Figure 2
Figure 2. Single-stage purification workflow for large-scale phosphoproteomics
(A.) Standard proteomics workflow for broadscale phosphorylation analysis. (B.) Single-stage proteomics workflow. Phosphopeptides are purified in a single, larger TiO2 enrichment step; the resulting phosphopeptides are separated by SCX chromatography and analyzed by LC-MS/MS. (C.) and (D.) Histograms depicting number of phosphopeptides (orange) and total peptides (blue) identified in each SCX fraction using the 24x-TiO2 (C.) and 1x-TiO2 (D.) approach. Phosphopeptide selectivity of each fraction is indicated (black). (E.) Total number of identified peptides, phosphopeptides, selectivity, and unique phosphorylation sites using the 24x-TiO2 and 1x-TiO2 approach. Overlap of unique phosphorylation sites (F.) and proteins (G.) identified using the 24x-TiO2 and 1x-TiO2 approaches.
Figure 3
Figure 3. Scalability of single-stage phosphopeptide purifications
(A.) Representative base peak chromatograms (fraction 8) of the SCX separation from 0.2mg, 1mg, and 5mg whole cell lysate single-stage purifications. (B.) Correlation coefficient of linear regression analyses of peptide peak area from 0.2mg to 5mg single-stage purifications. (C.) Slope of the least square lines of the linear regression analysis of peptide peak area from 0.2mg to 5mg single-stage purifications. (D.) Number of phosphopeptides (orange) and total peptides (blue) identified in the 0.2mg, 1mg and 5mg single-stage phosphopeptide enrichments. Phosphopeptide selectivity is indicated (black). (E.) Number of unique phosphorylation sites identified in the 0.2mg, 1mg and 5mg single-stage phosphopeptide enrichments. (F.) Overlap of unique phosphorylation sites identified in the 0.2mg, 1mg and 5mg single-stage phosphopeptide enrichments.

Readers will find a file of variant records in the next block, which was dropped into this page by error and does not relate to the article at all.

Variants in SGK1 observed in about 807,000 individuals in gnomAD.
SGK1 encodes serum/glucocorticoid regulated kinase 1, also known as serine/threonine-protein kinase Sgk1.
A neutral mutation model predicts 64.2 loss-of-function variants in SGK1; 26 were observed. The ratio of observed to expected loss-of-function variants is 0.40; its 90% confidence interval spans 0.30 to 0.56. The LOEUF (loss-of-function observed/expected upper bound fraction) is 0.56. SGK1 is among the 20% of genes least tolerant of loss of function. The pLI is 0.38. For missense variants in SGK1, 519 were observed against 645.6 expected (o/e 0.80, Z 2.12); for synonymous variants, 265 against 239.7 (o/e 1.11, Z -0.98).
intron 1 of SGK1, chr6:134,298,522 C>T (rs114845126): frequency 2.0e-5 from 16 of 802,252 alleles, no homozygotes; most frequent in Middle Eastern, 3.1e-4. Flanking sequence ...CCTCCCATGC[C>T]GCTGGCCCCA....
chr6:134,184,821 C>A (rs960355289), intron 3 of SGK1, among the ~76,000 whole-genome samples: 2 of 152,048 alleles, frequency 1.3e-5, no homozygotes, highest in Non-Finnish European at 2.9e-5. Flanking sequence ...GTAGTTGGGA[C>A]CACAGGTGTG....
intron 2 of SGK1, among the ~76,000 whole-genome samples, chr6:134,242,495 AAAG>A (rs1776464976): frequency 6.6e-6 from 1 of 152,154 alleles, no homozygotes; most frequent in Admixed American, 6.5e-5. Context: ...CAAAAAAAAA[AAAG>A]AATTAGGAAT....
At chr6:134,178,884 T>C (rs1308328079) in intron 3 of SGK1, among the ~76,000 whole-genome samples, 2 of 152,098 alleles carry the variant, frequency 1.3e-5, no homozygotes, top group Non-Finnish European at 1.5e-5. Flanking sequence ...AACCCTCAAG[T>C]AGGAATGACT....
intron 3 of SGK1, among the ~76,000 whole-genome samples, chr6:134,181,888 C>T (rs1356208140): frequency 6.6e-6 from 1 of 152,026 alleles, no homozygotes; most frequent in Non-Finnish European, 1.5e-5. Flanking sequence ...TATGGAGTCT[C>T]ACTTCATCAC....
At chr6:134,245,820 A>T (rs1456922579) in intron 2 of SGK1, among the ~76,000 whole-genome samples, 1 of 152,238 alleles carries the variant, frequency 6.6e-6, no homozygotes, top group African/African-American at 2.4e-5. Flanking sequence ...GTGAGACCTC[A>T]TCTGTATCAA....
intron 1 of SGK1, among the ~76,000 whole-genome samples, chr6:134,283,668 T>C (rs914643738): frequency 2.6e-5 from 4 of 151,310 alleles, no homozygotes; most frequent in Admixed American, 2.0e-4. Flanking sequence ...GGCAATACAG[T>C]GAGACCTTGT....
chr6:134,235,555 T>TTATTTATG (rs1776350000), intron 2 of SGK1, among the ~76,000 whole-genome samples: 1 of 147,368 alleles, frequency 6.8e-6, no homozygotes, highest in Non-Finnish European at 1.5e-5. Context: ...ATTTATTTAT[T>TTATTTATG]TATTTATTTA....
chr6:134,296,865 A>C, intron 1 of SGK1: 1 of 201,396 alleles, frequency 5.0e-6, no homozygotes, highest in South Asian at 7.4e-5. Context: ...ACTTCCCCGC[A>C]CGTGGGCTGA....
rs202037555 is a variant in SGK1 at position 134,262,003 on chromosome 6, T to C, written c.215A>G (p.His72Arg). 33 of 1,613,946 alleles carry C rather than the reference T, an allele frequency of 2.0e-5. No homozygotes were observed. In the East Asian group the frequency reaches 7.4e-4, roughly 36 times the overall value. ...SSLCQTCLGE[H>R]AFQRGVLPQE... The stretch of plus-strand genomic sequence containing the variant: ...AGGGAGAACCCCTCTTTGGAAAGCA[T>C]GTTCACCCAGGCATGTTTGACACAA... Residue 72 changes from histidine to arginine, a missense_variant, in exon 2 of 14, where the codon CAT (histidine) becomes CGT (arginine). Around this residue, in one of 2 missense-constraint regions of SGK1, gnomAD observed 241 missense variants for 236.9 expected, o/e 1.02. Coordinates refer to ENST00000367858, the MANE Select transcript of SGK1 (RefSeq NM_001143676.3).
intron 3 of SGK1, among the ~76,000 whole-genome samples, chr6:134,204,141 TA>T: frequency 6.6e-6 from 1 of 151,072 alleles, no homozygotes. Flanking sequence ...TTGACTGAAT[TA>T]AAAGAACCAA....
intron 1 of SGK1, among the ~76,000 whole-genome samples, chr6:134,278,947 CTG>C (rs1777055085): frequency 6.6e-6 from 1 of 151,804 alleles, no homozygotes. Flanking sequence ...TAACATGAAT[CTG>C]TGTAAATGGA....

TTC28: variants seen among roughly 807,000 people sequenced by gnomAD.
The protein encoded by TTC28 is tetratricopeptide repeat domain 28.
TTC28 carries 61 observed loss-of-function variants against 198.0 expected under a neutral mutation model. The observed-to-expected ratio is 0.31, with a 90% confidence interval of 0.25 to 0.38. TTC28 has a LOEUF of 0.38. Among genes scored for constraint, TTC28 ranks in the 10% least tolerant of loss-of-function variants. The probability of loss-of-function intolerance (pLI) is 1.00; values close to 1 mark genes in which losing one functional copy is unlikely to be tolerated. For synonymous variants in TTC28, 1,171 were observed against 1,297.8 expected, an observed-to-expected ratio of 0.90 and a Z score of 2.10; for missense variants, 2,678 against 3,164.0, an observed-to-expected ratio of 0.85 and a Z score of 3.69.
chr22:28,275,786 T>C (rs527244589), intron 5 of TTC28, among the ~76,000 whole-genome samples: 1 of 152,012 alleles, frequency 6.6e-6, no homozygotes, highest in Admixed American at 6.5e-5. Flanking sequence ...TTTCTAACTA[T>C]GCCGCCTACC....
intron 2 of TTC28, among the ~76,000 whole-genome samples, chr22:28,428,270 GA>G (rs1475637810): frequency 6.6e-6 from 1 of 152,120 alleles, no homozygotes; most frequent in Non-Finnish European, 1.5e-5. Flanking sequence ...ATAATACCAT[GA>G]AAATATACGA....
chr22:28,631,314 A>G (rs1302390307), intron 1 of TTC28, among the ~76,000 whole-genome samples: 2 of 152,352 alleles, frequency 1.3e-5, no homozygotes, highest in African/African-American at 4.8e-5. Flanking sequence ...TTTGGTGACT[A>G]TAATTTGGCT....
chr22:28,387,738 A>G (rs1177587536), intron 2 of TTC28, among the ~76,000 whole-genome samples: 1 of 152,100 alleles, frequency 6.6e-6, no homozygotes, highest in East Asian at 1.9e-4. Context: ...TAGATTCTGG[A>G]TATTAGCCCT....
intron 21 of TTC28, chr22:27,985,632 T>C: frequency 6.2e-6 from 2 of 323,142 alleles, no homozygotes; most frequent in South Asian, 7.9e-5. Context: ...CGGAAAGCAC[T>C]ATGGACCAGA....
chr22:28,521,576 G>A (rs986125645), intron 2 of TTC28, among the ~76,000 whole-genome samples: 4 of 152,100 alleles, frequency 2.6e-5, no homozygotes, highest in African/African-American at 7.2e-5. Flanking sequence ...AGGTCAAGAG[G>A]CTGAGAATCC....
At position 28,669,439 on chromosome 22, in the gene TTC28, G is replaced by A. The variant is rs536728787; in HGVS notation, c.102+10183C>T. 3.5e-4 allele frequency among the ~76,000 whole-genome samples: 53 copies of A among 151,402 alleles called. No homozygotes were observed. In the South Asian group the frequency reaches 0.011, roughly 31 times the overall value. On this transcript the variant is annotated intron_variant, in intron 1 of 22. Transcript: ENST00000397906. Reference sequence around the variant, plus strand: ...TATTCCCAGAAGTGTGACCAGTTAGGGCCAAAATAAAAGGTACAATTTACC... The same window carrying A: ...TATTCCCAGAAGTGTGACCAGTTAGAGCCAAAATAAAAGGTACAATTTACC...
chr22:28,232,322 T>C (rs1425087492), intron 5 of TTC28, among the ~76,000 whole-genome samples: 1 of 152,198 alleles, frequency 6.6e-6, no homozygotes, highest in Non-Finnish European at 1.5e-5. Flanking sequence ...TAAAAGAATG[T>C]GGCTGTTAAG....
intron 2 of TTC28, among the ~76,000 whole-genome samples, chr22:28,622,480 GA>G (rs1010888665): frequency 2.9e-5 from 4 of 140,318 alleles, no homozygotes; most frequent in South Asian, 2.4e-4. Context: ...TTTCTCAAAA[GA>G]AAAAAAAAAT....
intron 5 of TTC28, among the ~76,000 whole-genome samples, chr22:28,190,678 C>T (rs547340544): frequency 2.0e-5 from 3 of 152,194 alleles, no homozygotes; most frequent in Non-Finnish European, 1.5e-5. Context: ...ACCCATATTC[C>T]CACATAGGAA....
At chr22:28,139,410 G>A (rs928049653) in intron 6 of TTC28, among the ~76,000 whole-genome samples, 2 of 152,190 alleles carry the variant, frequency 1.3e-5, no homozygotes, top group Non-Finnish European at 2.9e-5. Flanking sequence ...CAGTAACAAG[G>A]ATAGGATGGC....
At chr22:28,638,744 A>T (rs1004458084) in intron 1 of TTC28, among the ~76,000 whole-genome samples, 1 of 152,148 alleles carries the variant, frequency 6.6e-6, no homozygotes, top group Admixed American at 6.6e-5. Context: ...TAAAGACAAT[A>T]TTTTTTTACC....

Figure 4
Figure 4. Reproducibility of single-stage phosphopeptide enrichments
(A.) Base peak chromatograms of replicate injections of one single-stage purification (sample A) from Jurkat lysate digest. (B.) Venn diagram depicting phosphopeptide occurrence in the four replicate injections of sample A. (C.) Histogram of peak area RSD of phosphopeptides from four replicate injections. (D.) Base peak chromatograms of replicate single-stage purifications (sample A, B. C, and D) from Jurkat lysate digest. (E.) Venn diagram depicting phosphopeptide occurrence in the four replicate TiO2 enrichments. (F.) Histogram of peak area RSD of phosphopeptides from four replicate TiO2 enrichments.
Figure 5
Figure 5. Phosphotyrosine enrichments from single-stage TiO2 purifications
(A). Workflow of phosphotyrosine enrichment from TiO2 enrichment. Phosphopeptides are purified in a single, large TiO2 enrichment step; from the resulting phosphopeptides, phosphotyrosine (pY) peptides are then isolated by immunoprecipitation (IP). (B.) Base peak chromatograms of the biological pY IP replicates. (C.) Significant motifs identified from the union of pY IP replicates. (D.) Insulin signaling pathway with pY sites identified in the replicate LC-MS/MS analyses indicated in red.